Molly Sims recalls on Kristen Kelly's Mom School podcast how she was "mom shamed" over giving her child formula

By Jen Juneau
August 03, 2020 03:08 PM
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Molly Sims knows that "fed is best" when it comes to her kids — but the road to that mindset took some time.

The model and actress, 47, chatted with Kristen Kelly for the most recent episode of her Mom School podcast, tearing up as she recalled how "people really mom shamed" her after her son Brooks Alan, now 8, was born, because she wasn't able to produce enough milk for him.

Sims praised a lactation specialist she worked with named Linda Hanna, who was "ultimately one of the first" people who convinced Sims to make the move to formula.

"She goes, 'We got to feed this baby some formula. ... We're just going to need a little,' " Sims says. "I was taking 18 herbs. I mean, I did a breast pump. I did it all. I did everything. [Linda] was really such a constant and I cannot thank her enough, because that about put me under. I was really depressed over it."

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Molly Sims and her kids
Molly Sims/ Instagram

"And I just don't make milk. I made a little bit, and finally by the third baby, she goes, 'Are we really going to try this?' I'm like, 'We're really going to try it,' " she adds.

For Sims, the pressure from people who made her feel like feeding her children formula was akin to giving them "poison" was difficult to bear — not to mention witnessing how easy nursing a baby looked with other moms.

"I always say to women, 'They come out of you, and you automatically have mom guilt,' " she says. "I would see these women, and they just stick that baby on the boob, and I watched it. ... I watched her breastfeed."

"And we have three kids almost all identical in age and I was like, 'I'm so sorry, Allison, but did you just really make that much f---ing milk?' And she was like, 'Yeah.' And I was like, 'That would take me nine feedings,' " Sims shares.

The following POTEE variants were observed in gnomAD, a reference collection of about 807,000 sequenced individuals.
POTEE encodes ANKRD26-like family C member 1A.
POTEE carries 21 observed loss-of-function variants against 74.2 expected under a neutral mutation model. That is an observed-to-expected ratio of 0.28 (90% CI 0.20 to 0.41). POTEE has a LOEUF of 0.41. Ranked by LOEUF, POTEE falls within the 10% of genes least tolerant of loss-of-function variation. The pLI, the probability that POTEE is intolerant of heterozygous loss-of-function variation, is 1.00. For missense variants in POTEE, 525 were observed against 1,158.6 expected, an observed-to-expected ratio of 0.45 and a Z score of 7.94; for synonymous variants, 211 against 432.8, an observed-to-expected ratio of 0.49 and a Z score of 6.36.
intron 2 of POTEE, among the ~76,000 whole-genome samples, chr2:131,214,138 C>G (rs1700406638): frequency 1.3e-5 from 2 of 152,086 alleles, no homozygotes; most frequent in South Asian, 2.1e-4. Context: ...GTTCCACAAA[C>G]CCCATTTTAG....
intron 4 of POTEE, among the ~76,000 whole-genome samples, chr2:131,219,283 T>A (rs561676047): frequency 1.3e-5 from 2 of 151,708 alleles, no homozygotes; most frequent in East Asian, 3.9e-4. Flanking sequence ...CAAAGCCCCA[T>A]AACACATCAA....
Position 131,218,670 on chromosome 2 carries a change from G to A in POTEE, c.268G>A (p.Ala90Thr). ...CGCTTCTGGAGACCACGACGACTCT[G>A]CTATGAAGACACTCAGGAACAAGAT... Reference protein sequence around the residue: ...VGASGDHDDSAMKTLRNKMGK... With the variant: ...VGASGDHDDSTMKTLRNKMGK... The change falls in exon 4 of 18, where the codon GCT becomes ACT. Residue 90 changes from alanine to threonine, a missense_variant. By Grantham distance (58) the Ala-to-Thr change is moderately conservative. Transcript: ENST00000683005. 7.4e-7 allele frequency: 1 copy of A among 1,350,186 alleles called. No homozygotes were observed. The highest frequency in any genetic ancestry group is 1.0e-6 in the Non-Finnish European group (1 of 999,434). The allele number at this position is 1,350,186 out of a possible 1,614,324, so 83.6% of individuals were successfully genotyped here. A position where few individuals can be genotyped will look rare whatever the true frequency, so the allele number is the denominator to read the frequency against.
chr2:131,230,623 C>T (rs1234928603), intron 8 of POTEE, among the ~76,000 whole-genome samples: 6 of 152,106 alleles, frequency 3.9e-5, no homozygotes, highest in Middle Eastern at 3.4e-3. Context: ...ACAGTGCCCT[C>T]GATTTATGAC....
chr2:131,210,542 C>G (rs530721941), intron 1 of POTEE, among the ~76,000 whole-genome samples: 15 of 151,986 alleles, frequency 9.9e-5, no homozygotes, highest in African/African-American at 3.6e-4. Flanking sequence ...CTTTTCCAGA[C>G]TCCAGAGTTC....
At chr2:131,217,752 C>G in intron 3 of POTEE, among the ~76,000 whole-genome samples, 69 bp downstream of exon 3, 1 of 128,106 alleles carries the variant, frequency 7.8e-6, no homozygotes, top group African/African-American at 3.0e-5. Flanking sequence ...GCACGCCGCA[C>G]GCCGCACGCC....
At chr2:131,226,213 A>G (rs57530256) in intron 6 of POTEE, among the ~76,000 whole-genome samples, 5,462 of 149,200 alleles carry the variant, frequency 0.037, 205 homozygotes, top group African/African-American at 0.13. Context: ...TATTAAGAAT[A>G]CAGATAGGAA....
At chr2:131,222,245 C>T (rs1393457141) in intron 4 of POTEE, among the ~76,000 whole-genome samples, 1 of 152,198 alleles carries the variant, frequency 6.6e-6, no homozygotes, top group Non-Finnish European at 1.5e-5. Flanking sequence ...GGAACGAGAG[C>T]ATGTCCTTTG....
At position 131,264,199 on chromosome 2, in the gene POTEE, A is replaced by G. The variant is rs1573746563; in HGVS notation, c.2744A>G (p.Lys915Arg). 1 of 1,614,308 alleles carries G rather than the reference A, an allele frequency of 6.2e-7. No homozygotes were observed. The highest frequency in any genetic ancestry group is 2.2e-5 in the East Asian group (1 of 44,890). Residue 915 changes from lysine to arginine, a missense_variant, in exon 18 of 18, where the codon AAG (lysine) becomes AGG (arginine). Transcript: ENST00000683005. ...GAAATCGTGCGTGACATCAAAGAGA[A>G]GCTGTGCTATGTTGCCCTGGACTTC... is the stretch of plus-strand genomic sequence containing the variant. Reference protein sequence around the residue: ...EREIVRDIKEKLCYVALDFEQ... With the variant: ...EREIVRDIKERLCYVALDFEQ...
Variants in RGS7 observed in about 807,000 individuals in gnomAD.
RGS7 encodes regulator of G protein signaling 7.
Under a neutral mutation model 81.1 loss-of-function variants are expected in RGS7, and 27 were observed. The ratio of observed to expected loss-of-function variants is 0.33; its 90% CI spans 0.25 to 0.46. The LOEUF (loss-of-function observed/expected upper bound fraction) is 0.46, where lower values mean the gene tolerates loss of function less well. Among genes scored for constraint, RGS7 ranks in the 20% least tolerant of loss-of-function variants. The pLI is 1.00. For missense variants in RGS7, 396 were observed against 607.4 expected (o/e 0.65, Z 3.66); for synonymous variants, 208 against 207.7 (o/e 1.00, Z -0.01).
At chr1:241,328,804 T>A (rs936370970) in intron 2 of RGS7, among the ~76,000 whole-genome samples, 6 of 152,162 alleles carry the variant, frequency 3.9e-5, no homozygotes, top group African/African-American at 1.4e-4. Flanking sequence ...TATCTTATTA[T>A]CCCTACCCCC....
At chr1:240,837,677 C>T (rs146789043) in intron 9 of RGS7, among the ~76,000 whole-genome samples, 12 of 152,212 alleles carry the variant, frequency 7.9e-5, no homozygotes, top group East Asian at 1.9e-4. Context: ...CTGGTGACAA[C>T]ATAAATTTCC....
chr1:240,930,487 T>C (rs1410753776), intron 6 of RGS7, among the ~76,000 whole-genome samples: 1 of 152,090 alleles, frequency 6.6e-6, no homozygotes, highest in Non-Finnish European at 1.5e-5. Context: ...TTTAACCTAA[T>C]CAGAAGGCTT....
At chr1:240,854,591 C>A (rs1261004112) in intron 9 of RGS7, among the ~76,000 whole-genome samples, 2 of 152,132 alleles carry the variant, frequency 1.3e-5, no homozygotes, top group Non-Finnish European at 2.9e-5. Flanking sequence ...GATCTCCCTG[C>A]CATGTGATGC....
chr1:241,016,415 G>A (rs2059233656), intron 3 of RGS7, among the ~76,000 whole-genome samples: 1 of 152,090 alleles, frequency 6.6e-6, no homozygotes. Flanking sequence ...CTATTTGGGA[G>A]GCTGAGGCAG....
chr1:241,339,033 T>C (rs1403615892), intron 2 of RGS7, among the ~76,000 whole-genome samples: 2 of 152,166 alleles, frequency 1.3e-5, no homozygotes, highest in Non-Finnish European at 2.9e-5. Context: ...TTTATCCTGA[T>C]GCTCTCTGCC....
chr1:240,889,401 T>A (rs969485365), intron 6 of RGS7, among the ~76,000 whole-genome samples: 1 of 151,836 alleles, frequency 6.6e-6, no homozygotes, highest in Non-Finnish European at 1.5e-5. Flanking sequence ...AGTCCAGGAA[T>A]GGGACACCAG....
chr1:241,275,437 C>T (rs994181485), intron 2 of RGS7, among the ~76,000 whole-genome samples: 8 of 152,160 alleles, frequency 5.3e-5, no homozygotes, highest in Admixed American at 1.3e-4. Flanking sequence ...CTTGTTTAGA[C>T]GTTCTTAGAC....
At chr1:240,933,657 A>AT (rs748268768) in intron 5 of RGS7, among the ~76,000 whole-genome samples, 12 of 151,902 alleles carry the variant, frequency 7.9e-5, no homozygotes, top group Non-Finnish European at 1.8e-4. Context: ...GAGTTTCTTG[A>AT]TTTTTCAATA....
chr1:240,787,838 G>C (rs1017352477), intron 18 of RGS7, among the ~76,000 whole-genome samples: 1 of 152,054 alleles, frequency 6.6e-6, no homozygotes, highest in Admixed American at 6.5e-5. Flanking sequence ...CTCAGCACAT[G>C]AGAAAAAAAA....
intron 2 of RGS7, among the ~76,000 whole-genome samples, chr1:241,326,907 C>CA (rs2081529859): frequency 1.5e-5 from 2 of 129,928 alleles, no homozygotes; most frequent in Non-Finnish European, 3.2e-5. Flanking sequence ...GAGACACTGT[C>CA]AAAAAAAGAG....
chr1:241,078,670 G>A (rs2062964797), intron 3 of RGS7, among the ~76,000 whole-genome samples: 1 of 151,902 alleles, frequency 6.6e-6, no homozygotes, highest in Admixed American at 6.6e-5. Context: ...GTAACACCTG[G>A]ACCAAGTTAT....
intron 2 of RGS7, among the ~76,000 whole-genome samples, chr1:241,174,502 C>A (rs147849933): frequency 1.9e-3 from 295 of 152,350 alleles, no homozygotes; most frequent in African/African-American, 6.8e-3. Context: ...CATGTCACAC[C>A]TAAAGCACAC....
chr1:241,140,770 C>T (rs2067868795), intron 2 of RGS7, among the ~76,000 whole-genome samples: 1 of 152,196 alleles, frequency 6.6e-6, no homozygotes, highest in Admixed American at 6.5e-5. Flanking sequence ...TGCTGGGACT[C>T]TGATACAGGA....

Molly Sims
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Sims also opened up about the general stresses of parenthood, admitting she puts "too much pressure on [herself] as a mother" but a therapist has helped her through figuring out "how to talk [herself] down from" the bouts of related severe anxiety before a "spiral."

With both Brooks and her younger two children — son Grey Douglas, 3½, and daughter Scarlett May, 5 — she didn't have postpartum depression, she says, as much as anxious visions that felt "like I would wake up and they're drowning." But one time, she fell asleep breastfeeding, and "rolled" over on top of Brooks.

"It scared the s--- out of me," Sims says. "And it probably set off [some] of that, 'Oh my God they're drowning' [feeling]. I had a lot of hot sweats after the baby, just waking up in pools and your hormones dropping, but I never had dark thoughts about my baby or myself. It was more about, 'Oh God, what if something happens to them?' "

"Walking" and "exercise" — as well as a little help from Queen Bey — helped the mother of three find peace. "It got me out of my head, and this is going to sound crazy, but Beyoncé helped me," Sims says. "It was like, 'I love you Beyoncé, so much.' I would just start singing."